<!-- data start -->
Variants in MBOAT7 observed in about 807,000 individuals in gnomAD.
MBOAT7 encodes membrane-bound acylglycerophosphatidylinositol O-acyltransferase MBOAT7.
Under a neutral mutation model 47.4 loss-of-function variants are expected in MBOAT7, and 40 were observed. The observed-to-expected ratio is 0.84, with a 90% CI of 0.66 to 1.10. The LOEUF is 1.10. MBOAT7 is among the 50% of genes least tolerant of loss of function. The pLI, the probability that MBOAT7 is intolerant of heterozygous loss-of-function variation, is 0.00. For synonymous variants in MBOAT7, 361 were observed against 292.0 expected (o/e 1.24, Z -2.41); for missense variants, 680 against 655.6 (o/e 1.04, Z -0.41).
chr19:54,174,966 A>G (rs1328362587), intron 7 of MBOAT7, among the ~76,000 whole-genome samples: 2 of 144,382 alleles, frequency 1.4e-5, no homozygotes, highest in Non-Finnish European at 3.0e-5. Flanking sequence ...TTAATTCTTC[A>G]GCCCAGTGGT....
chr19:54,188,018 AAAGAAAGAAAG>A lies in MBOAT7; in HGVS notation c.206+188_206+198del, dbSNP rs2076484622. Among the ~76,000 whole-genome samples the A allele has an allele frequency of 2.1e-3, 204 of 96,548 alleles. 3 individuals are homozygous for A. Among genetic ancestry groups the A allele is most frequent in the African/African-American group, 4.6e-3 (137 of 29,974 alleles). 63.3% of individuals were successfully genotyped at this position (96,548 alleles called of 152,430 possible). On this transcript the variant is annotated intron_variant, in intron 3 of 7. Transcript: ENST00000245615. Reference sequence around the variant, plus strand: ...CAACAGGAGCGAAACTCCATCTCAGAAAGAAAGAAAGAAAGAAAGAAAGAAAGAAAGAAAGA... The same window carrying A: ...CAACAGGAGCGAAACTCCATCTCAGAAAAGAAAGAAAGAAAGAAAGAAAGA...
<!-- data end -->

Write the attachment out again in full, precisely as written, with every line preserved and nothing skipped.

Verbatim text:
Variants in MBOAT7 observed in about 807,000 individuals in gnomAD.
MBOAT7 encodes membrane-bound acylglycerophosphatidylinositol O-acyltransferase MBOAT7.
Under a neutral mutation model 47.4 loss-of-function variants are expected in MBOAT7, and 40 were observed. The observed-to-expected ratio is 0.84, with a 90% CI of 0.66 to 1.10. The LOEUF is 1.10. MBOAT7 is among the 50% of genes least tolerant of loss of function. The pLI, the probability that MBOAT7 is intolerant of heterozygous loss-of-function variation, is 0.00. For synonymous variants in MBOAT7, 361 were observed against 292.0 expected (o/e 1.24, Z -2.41); for missense variants, 680 against 655.6 (o/e 1.04, Z -0.41).
chr19:54,174,966 A>G (rs1328362587), intron 7 of MBOAT7, among the ~76,000 whole-genome samples: 2 of 144,382 alleles, frequency 1.4e-5, no homozygotes, highest in Non-Finnish European at 3.0e-5. Flanking sequence ...TTAATTCTTC[A>G]GCCCAGTGGT....
chr19:54,188,018 AAAGAAAGAAAG>A lies in MBOAT7; in HGVS notation c.206+188_206+198del, dbSNP rs2076484622. Among the ~76,000 whole-genome samples the A allele has an allele frequency of 2.1e-3, 204 of 96,548 alleles. 3 individuals are homozygous for A. Among genetic ancestry groups the A allele is most frequent in the African/African-American group, 4.6e-3 (137 of 29,974 alleles). 63.3% of individuals were successfully genotyped at this position (96,548 alleles called of 152,430 possible). On this transcript the variant is annotated intron_variant, in intron 3 of 7. Transcript: ENST00000245615. Reference sequence around the variant, plus strand: ...CAACAGGAGCGAAACTCCATCTCAGAAAGAAAGAAAGAAAGAAAGAAAGAAAGAAAGAAAGA... The same window carrying A: ...CAACAGGAGCGAAACTCCATCTCAGAAAAGAAAGAAAGAAAGAAAGAAAGA...